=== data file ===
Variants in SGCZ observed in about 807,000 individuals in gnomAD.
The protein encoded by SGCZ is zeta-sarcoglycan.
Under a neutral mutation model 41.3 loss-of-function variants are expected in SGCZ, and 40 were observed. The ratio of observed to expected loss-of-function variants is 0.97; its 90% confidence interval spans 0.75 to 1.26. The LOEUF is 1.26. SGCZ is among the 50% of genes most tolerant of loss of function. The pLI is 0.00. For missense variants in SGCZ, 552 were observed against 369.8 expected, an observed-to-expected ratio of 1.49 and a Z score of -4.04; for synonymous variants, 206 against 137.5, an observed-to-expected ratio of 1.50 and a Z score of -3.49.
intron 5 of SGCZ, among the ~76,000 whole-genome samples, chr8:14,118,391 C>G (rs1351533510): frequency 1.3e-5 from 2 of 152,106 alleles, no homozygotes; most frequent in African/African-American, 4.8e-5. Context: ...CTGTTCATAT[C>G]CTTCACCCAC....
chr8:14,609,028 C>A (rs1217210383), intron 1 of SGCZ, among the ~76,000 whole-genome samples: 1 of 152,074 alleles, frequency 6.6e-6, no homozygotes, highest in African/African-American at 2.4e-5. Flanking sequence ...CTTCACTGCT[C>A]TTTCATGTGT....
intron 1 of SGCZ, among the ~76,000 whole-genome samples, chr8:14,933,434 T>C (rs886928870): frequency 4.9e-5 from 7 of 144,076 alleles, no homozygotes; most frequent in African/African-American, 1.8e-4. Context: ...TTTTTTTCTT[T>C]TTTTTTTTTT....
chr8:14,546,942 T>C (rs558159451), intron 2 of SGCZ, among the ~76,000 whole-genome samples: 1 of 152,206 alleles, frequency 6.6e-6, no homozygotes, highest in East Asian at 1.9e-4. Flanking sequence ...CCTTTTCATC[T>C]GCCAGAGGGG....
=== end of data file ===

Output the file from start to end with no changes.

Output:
Variants in SGCZ observed in about 807,000 individuals in gnomAD.
The protein encoded by SGCZ is zeta-sarcoglycan.
Under a neutral mutation model 41.3 loss-of-function variants are expected in SGCZ, and 40 were observed. The ratio of observed to expected loss-of-function variants is 0.97; its 90% confidence interval spans 0.75 to 1.26. The LOEUF is 1.26. SGCZ is among the 50% of genes most tolerant of loss of function. The pLI is 0.00. For missense variants in SGCZ, 552 were observed against 369.8 expected, an observed-to-expected ratio of 1.49 and a Z score of -4.04; for synonymous variants, 206 against 137.5, an observed-to-expected ratio of 1.50 and a Z score of -3.49.
intron 5 of SGCZ, among the ~76,000 whole-genome samples, chr8:14,118,391 C>G (rs1351533510): frequency 1.3e-5 from 2 of 152,106 alleles, no homozygotes; most frequent in African/African-American, 4.8e-5. Context: ...CTGTTCATAT[C>G]CTTCACCCAC....
chr8:14,609,028 C>A (rs1217210383), intron 1 of SGCZ, among the ~76,000 whole-genome samples: 1 of 152,074 alleles, frequency 6.6e-6, no homozygotes, highest in African/African-American at 2.4e-5. Flanking sequence ...CTTCACTGCT[C>A]TTTCATGTGT....
intron 1 of SGCZ, among the ~76,000 whole-genome samples, chr8:14,933,434 T>C (rs886928870): frequency 4.9e-5 from 7 of 144,076 alleles, no homozygotes; most frequent in African/African-American, 1.8e-4. Context: ...TTTTTTTCTT[T>C]TTTTTTTTTT....
chr8:14,546,942 T>C (rs558159451), intron 2 of SGCZ, among the ~76,000 whole-genome samples: 1 of 152,206 alleles, frequency 6.6e-6, no homozygotes, highest in East Asian at 1.9e-4. Flanking sequence ...CCTTTTCATC[T>C]GCCAGAGGGG....